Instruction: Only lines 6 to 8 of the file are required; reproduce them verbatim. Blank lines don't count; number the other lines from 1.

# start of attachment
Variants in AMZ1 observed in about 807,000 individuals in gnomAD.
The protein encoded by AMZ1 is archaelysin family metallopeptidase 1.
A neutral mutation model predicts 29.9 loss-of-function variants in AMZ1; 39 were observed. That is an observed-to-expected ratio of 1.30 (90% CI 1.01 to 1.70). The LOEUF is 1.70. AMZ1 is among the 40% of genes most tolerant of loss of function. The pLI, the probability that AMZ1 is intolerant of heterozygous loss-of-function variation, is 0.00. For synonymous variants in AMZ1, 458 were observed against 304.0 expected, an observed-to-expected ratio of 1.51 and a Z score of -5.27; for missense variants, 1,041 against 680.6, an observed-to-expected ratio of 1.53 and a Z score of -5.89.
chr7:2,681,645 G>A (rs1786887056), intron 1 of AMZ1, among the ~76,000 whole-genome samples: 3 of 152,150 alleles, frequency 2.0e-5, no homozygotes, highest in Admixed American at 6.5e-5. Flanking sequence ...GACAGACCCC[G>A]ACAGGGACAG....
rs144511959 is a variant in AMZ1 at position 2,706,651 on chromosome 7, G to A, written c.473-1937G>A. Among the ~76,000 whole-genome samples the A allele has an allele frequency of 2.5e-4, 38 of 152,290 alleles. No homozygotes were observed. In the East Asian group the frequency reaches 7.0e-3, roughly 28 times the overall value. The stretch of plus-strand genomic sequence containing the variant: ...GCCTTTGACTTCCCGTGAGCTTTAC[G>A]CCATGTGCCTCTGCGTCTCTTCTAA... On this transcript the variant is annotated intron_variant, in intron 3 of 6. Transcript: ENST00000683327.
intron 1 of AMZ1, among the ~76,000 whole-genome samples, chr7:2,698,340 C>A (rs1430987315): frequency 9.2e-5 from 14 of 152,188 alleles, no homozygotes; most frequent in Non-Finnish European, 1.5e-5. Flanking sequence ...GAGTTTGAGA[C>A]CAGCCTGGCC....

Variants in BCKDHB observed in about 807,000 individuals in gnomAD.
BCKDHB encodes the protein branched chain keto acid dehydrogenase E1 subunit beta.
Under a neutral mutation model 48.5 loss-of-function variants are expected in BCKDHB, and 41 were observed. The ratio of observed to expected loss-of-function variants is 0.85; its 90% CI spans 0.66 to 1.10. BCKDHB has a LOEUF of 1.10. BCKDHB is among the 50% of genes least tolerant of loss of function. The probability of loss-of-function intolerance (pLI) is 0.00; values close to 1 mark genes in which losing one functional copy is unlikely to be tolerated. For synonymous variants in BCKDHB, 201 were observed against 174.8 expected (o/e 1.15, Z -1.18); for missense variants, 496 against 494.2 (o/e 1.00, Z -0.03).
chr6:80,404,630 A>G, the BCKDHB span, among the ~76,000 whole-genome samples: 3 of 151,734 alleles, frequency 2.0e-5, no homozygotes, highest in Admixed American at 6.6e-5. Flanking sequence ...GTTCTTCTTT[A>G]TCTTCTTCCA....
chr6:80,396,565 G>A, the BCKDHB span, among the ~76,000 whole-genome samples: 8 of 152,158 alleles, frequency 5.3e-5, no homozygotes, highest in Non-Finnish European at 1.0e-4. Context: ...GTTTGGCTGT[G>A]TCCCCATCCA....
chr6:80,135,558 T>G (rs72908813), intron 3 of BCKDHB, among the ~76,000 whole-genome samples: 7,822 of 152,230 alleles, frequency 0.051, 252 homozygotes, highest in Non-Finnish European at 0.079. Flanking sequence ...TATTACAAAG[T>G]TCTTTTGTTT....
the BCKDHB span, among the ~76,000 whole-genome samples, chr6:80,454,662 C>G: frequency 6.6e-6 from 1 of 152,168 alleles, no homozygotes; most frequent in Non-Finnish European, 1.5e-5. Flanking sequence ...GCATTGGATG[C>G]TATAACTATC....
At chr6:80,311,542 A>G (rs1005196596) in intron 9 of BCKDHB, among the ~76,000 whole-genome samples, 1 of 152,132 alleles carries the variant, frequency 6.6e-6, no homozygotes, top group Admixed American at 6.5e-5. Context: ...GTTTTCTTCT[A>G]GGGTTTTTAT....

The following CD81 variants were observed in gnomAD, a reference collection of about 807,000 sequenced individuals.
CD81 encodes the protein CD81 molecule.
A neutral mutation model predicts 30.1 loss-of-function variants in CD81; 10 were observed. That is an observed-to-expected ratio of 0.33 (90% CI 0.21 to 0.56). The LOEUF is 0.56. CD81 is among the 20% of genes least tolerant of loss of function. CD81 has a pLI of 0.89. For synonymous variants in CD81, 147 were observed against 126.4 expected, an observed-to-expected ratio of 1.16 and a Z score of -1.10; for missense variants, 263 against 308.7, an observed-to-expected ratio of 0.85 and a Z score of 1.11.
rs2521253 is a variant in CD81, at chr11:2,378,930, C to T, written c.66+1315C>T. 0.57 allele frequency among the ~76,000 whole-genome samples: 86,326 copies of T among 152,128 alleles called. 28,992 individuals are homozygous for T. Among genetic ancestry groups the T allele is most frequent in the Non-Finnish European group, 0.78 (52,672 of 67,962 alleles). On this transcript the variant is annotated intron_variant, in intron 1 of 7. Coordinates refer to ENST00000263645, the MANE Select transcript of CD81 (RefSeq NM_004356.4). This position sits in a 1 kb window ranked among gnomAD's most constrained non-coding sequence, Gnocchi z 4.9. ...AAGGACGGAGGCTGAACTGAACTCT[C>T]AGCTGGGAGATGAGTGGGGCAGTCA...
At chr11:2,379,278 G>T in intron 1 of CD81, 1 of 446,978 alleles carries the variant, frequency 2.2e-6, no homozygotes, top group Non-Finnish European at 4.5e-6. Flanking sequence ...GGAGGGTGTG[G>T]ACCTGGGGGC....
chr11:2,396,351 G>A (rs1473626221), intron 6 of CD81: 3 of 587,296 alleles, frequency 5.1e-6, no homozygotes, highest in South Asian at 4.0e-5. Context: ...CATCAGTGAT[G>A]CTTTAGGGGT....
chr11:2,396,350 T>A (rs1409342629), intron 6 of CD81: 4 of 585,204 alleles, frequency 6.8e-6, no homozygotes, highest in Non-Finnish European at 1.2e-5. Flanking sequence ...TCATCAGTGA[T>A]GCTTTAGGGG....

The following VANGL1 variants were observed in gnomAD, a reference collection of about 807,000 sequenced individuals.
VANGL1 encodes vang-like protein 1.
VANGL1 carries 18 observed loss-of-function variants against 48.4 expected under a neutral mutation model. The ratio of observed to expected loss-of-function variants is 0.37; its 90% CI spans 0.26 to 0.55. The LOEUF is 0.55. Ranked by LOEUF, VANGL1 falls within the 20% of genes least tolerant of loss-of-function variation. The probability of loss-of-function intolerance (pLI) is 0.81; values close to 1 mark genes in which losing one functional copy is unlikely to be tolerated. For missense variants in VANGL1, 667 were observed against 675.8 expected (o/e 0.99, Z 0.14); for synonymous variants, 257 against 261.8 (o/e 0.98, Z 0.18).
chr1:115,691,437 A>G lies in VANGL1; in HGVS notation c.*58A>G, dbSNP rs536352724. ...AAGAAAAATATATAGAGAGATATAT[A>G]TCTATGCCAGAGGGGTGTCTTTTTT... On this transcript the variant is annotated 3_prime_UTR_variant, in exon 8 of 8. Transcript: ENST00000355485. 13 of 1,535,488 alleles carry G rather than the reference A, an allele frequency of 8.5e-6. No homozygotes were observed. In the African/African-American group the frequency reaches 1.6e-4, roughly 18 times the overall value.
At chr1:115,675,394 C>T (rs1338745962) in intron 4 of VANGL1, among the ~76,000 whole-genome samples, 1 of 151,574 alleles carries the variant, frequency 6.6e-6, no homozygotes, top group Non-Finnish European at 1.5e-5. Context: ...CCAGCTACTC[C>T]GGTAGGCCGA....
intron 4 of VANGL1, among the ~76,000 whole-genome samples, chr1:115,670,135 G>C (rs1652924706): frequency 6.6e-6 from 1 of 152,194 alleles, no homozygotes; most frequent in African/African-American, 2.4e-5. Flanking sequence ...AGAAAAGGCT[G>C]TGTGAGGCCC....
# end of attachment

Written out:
intron 1 of AMZ1, among the ~76,000 whole-genome samples, chr7:2,698,340 C>A (rs1430987315): frequency 9.2e-5 from 14 of 152,188 alleles, no homozygotes; most frequent in Non-Finnish European, 1.5e-5. Flanking sequence ...GAGTTTGAGA[C>A]CAGCCTGGCC....

Variants in BCKDHB observed in about 807,000 individuals in gnomAD.
BCKDHB encodes the protein branched chain keto acid dehydrogenase E1 subunit beta.